Everyone’s Obsession With My Unborn Child’s Gender


So You’re Pregnant Again…

I have two little girls, and I’m pregnant with my third child. I have found, strangely and annoyingly, that the first thing people ask when they find out I’m pregnant inevitably falls somewhere along the lines of: “Are you hoping for a boy this time?”

It’s a bizarre thing for people to ask, and yet I receive some variation of the question or comment nearly every day from people who see I already have two little girls. Everyone from family members to close friends to staff at my daughters’ school to complete strangers has an opinion about my unborn child’s gender (and our decision to keep the gender a surprise until birth is a whole other can of worms).

As any pregnant woman knows, once a pregnancy has been announced, seemingly all rules of etiquette go out the window. Rude and inappropriate comments abound about the size of a belly, people feel a right to touch women’s pregnant bellies without permission, and there is a never-ending flow of (typically) unsolicited advice and comments.

The First Time…

The first time I remember being appalled by a stranger’s comment was when I was was at Safeway with my 2-year-old daughter, just a few weeks before the birth of my second girl. The check-out lady looked me over and announced, “I hope for you that you have a boy. In my culture that is better than another girl.” Cultural differences aside, I couldn’t believe someone had the gall to make such a statement! And while I haven’t received such a blunt or offensive comment this time around, there is no shortage to what people think is appropriate to say regarding my child’s unknown gender.

The Comments. Oh, The Comments.

Some of the comments I’ve received from well-meaning people (whom I love!) are as follows:

“I know you will be happy with what you get, but I’m really hoping you have a boy.”

“It would be soooo nice if you had a boy this time!”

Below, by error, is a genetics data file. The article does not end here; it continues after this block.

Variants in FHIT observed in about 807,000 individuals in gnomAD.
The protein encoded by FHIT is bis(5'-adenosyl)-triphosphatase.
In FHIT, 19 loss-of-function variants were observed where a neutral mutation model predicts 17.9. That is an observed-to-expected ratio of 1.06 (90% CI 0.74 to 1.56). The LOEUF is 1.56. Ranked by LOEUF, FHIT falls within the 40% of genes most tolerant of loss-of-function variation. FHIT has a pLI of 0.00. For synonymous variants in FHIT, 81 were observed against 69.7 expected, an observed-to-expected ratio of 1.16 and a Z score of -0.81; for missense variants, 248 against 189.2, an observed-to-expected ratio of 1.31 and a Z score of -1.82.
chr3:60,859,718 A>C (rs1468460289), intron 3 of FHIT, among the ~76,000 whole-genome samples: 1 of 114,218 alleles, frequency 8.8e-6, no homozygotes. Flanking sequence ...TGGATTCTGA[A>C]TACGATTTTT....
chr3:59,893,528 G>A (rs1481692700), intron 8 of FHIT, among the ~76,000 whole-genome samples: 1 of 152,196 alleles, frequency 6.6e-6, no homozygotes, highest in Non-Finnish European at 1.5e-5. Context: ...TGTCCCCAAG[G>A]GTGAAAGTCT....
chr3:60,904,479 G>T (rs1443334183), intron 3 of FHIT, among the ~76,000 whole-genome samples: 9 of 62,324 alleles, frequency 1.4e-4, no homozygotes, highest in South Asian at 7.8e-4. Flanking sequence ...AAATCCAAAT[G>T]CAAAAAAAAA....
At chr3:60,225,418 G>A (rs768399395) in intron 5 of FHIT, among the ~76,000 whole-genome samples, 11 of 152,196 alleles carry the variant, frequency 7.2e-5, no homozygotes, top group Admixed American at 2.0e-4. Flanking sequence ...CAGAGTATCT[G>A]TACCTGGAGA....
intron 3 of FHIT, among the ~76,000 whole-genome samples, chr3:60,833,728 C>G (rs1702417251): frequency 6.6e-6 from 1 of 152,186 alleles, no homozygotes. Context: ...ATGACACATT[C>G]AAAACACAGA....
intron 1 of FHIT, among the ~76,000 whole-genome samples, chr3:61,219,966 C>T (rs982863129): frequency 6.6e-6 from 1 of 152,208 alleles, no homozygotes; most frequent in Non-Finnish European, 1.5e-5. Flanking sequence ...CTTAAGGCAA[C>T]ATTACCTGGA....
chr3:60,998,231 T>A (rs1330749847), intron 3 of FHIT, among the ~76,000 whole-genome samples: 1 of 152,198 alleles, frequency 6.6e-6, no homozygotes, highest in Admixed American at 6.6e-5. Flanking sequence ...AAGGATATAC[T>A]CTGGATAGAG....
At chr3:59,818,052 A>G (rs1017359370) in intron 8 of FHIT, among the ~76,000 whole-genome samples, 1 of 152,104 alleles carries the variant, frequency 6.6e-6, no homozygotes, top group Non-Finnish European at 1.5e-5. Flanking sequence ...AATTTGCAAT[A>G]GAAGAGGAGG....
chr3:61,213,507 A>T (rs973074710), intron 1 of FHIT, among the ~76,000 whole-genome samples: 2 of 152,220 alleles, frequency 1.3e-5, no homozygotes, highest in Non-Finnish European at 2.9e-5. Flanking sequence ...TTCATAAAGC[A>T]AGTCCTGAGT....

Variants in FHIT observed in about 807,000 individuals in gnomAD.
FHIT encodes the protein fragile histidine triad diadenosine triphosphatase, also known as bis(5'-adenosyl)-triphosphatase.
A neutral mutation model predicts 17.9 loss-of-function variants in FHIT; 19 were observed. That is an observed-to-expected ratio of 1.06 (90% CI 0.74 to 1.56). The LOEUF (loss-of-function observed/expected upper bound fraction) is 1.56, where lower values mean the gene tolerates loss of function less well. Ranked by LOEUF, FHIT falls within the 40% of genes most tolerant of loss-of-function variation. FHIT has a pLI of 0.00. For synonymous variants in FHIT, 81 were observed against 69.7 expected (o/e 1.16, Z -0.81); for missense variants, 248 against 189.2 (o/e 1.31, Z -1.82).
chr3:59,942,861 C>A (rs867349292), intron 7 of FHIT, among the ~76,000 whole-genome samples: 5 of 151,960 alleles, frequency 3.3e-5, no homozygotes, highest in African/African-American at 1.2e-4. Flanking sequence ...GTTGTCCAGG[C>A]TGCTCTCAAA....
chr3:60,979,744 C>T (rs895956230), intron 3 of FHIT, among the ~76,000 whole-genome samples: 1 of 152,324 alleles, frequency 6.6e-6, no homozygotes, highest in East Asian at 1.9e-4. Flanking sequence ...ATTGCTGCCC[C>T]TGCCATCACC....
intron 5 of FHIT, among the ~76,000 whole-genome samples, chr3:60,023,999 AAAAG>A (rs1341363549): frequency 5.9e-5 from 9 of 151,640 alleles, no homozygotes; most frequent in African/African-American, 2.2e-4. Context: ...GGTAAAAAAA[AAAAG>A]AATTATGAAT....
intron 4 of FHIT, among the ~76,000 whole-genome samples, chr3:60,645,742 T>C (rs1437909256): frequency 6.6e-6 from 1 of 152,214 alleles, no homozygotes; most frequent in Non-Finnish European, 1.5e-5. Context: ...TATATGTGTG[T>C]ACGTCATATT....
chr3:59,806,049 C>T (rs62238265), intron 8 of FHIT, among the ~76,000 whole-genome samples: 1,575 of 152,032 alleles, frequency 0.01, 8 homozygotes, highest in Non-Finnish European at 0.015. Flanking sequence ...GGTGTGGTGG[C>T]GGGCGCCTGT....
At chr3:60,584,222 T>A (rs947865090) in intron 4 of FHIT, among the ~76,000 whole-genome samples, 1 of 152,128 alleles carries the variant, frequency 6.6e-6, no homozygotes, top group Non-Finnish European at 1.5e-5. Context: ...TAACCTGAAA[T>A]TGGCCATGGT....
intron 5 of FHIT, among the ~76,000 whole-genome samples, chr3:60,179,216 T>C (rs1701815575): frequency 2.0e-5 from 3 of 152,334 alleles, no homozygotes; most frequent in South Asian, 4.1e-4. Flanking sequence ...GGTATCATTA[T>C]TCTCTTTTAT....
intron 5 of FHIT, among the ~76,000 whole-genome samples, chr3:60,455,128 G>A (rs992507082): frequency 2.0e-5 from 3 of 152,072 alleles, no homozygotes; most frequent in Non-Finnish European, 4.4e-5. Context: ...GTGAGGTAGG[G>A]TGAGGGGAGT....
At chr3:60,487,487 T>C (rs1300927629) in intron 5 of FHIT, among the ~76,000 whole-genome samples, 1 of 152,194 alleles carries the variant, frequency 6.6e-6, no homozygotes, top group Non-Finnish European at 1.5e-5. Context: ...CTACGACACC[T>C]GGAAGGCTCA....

“Were you trying for a boy?” (We were trying for a baby. Period.)

“I’m crossing my fingers for you to get a boy.”

“Do you want a boy this time? I bet you do.”

“Can you do whatever is possible to just make sure that this one is a boy?” (Um, sure? I’ll just send a quick word to God and see what can be done post-conception. And yes, this was literally the first thing one extended family member said to me after we made the announcement)

What’s Wrong With Having All The Same Gender?

What is puzzling to me is that virtually no one has asked me if I’m hoping for a third girl, or expressed their own hopes that I round out my family with a trio of girls. (Trios of girls are amazing! The Crawley sisters of Downton! The Bronte sisters! The Sanderson sisters!) Why is this? I truly will be happy with whatever God gives our family, and I don’t know why so many people seem to have such strong opinions on the matter. It makes me feel as though if this baby comes out as a girl, it will somehow be a disappointment to the many people who are (clearly and weirdly) emotionally invested in the gender outcome of this child. I would love to have a boy, of course, but I’d honestly be equally happy with another girl.

And I know it goes both ways. My college boyfriend was one of seven – all boys. I have no doubt his mother faced her fair share of annoying questions each pregnancy wondering if she would ever produce a girl. My husband is the middle of three boys, and I know my mother in law dealt with lots of questions and musings whether she’d one day have a girl. It boggles my mind how we as a society seem to believe that it’s better to have a family as evenly mixed as possible. And yet – here’s the kicker – I know I am guilty of these same thoughts and even comments.

Parting Advice

So here’s my advice to you, dear reader. If you have a friend, family member, or coworker who is pregnant, please do not assume that you know what she is hoping for in terms of her child’s gender. Believe her if she says she’ll be pleased either way.

Wish her a happy and healthy pregnancy, and offer your sincere congratulations on the baby – whether it is a boy or a girl.

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It took Juliet a while to fall in love with DC but, a dozen years later, she wouldn't want to live anywhere else! Juliet and her fellow native New England husband have 2 school-aged girls and a toddler boy, and love raising them in this vibrant city. A former middle school teacher and marketing assistant, Juliet is currently a SAHM in NW DC, on a block happily filled with many other young families. She loves laundry day, visiting ALL the museums, reading historical fiction, eating sweets, theatre, and planning overseas adventures.


  1. Beautifully written and boy, can I relate (no pun intended)! When I was pregnant the third time around after having two girls, I got the same comments. Funny how bold people can be. Honestly, the thought of having a boy made me nervous… I would’ve been excited to have another girl! I know what to do with those 🙂 But it all worked out. My son’s taught me a lot. Wishing you a healthy pregnancy, baby and beyond!

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